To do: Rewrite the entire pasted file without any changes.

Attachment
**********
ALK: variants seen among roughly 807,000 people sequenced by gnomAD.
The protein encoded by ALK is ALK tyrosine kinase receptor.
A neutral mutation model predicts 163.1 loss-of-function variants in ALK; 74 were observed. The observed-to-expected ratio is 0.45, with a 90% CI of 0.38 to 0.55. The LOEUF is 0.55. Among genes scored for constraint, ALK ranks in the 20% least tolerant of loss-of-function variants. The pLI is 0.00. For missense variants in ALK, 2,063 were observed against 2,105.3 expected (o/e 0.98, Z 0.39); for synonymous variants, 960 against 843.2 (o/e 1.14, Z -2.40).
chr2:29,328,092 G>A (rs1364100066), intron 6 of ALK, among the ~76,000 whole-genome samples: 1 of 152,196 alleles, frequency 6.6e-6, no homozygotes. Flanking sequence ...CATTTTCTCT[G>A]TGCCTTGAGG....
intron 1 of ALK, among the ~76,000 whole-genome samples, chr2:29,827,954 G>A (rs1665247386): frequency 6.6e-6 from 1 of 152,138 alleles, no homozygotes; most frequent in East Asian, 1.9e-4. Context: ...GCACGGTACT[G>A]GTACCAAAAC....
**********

ALK: variants seen among roughly 807,000 people sequenced by gnomAD.
The protein encoded by ALK is ALK tyrosine kinase receptor.
A neutral mutation model predicts 163.1 loss-of-function variants in ALK; 74 were observed. The observed-to-expected ratio is 0.45, with a 90% CI of 0.38 to 0.55. The LOEUF is 0.55. Among genes scored for constraint, ALK ranks in the 20% least tolerant of loss-of-function variants. The pLI is 0.00. For missense variants in ALK, 2,063 were observed against 2,105.3 expected (o/e 0.98, Z 0.39); for synonymous variants, 960 against 843.2 (o/e 1.14, Z -2.40).
chr2:29,328,092 G>A (rs1364100066), intron 6 of ALK, among the ~76,000 whole-genome samples: 1 of 152,196 alleles, frequency 6.6e-6, no homozygotes. Flanking sequence ...CATTTTCTCT[G>A]TGCCTTGAGG....
intron 1 of ALK, among the ~76,000 whole-genome samples, chr2:29,827,954 G>A (rs1665247386): frequency 6.6e-6 from 1 of 152,138 alleles, no homozygotes; most frequent in East Asian, 1.9e-4. Context: ...GCACGGTACT[G>A]GTACCAAAAC....